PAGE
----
How you holding up?
Cal and I just got inyo Calgary. 24 days at this and I think its time to think a of heading back. Cal and I will return Friday May 13th pm sometime.
The money is good, but my body has a few more squeeks in it.
Looking forward to catching up with you. Is there anything I can get you from Calgary?
Let me know.
Hi Paul, every time I see the flooding in Winnpeg, I think about you hoping you're not literally bailing out. We had water in our basement at the cottage last weekend. We are on a lake near Mt. Tremblant and I thought I had all the backups required to prevent water infiltration with a battery backup sump pump running off my boat battery on a constant trickle charge. But low and behold, the power went out for a few hours so my wife and I had to bail the water out of the sump hole (pot to bucket, up the stairs and dump into the field out back. Lucky it happened on the weekend when we were there. Anyhow, kept everything dry and the power came back on in time to watch the Habs beat the Bruins in game#2. We won't talk about Monday night though, ok.
o news from my end. Still awaiting that call; looks like I missed that mid-to-late April thing. Let us know all is ok with you.... Eric B.
about 3 months ago my surgeon's chief nurse calls me to say I needed another echo. I phone back the next day to confirm that I accept the appointment date.
Flash forward 3 months to this morning; I get to the hospital for an echo at 8:30 am. I haven't slept well - so I get the welcome desk.
I don't quite remember where to go for the echo so the receptionist tells me to go to the outpatient echo kiosk to find out.
At the outpatient kiosk they are a chatting away and finally decide maybe this tall guy standing there needs something-
'Sir you not at the right place, plus my dtabase tells me you do not have any appointment today" may you should go see the surgeon secretariy pool if you are sure you do have an appointment.
At the surgeon secretary pool. Sir what do you want? You don't look well maybe you should sit down.
'Uh, am suppose to have an echo here this morning - yes I"m to have surgery soon with the chief surgeon.'
let me call the his chief nurse. Meanwhile this other secretary gets involved and says: 'Sir when you get a call it's important to note the name of the person who called you'
Chief nurse at the phone : 'Oh I'm so sorry sir your appointment was canceled but I forgot to call you to let you know.'
so I don't say anything -just shove the handset back to the secretary - pissed off - left my wife sort it out with those dumb secretaries.
there, I feel better...
I mean for a echo - why not just send a letter.
THis is not the first time I've been pissed off at the staff at this venerable institution - plus you can't complain - no quality control.
Not sure, Paul. Sounds like quite a low dose and infrequent usage to cause withdrawal. Here is what I do know. I am taking .25 Xanax every night for sleep. My doctor said I can take one at night and a half during the day without having withdrawal problems. I normally do not need it during the day.
I also discussed this with the cardiologist at Cleveland Clinic and was told to take the Xanax as I needed prior to surgery, including the night before and moring of. Xanax is very similar to Ativan. In fact, one of these drugs is often given right before surgery to calm the patient's anxiety.
I am glad to hear you seem to have found some peace and acceptance of what "is." I am a writer, so everything going on inside me comes out in words, usually type written. I literally spend many many hours a day on my computer writing. It gives me something to do. It allows me to get my feelings off my chest and, of course, may write something I can sell. It also gives my now boring life some purpose; getting up an working on whatever I'm working on. Keeping a journal can do the same for you. You also seem to like to write. This is a great way to vent and release all that pent up anxiety. So, write away, my friend.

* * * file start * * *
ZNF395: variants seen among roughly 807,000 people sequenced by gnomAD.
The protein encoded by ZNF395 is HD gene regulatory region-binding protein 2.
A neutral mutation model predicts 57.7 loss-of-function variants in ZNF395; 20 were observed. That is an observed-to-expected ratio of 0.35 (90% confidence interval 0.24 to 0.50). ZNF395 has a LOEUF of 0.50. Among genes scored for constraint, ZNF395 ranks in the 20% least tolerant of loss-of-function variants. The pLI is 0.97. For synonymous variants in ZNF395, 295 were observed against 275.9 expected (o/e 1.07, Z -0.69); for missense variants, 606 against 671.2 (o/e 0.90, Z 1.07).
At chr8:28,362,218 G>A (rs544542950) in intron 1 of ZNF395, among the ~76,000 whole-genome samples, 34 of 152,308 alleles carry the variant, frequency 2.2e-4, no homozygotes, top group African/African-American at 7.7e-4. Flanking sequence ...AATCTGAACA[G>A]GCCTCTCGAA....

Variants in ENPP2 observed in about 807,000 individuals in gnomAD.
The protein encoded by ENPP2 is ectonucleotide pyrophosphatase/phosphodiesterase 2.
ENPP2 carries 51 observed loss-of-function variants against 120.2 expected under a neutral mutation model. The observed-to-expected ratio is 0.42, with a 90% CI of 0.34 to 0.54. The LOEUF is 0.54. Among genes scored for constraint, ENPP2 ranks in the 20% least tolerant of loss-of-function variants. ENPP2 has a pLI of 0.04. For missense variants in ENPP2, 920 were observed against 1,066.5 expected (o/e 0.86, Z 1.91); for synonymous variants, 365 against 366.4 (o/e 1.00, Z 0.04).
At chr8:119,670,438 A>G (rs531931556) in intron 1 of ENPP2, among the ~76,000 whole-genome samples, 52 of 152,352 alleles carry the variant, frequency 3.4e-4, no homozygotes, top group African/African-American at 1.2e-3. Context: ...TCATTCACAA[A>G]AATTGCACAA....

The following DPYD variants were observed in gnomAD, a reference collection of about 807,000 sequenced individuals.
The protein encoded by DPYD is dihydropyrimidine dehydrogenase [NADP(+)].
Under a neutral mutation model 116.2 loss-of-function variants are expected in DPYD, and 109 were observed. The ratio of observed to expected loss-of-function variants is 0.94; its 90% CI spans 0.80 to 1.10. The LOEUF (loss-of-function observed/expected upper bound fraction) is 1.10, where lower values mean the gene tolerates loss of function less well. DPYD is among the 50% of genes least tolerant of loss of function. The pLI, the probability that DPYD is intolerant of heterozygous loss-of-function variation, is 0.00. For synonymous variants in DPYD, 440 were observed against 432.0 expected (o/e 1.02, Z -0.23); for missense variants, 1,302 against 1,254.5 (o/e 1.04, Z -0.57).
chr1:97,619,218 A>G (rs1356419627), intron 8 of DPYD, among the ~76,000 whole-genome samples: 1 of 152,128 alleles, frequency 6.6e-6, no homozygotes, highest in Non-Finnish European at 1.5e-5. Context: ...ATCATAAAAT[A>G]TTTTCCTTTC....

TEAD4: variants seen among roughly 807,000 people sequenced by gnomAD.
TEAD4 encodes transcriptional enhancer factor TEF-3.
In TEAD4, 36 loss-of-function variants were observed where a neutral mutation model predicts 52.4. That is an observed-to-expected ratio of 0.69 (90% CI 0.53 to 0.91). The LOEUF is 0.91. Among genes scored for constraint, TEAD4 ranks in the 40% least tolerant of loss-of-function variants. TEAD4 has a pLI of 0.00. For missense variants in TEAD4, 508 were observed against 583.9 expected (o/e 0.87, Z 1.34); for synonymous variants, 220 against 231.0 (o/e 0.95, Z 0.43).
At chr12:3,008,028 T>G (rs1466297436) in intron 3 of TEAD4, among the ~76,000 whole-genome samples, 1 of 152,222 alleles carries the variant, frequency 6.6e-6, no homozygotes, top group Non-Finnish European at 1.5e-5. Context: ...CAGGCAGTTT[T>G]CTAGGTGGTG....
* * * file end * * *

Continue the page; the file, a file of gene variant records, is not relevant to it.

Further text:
We're pullen for ya at this end.
You just hang in there! If your ever at the end of your rope, and you can't find the strength to talk, just call my # and hang up. I will get the message and pass the information on to our Father.
PS Them rocks thawd out yet?
Hi Paul, sorry to read you are having a rough time of it. I can see you are venting through your writing as someone not in our condition would do so through physical exertion. Hang in there. The days are getting brighter, warmer and the Dairy Queen even opened here last week. You'll make it. I am still awaiting my call for early to mid April... We'll see... Take it easy.... Eric
I was wondering about you just yesterday. I'm sorry to hear you're doing badly. But I can relate - totally - as I find myself there frequently (except for the spiraling anxiety). I do not believe in god, so I cannot or will not comment on that.
I know I've mentioned this a lot, but maybe you didn't read it. There are excellent pre-surgery and relaxation CDs available at Amazon Books to help with the anxiety. They really work. Several people on the HVJs have used them with great success. Might I suggest that you spend a little time and look for them and order them? One is by Peggy Huddleston "Preparing for Surgery." Others are by Belleruth Naparstek (Successful Surgery, Anxiety & Panic Attacks, Music for Surgery, etc." I have all of them and listen to them regularaly and they help enormously. You can download them onto your MP3 player and listen to them each night before going to sleep and upon awakening int he AM. These CDs are recommended by all the major heart hospitals in the U.S. and many pts. listen to their MP3 players during surgery. The doctors and hospitals are very cooperative about this - and, in fact, encourage it.
If your anxiety continues to spiral out of control I can highly recommend EMDR therapy (if you can find someone in your area who does it). You can Google it and get lots of information. It worked miraculously for me.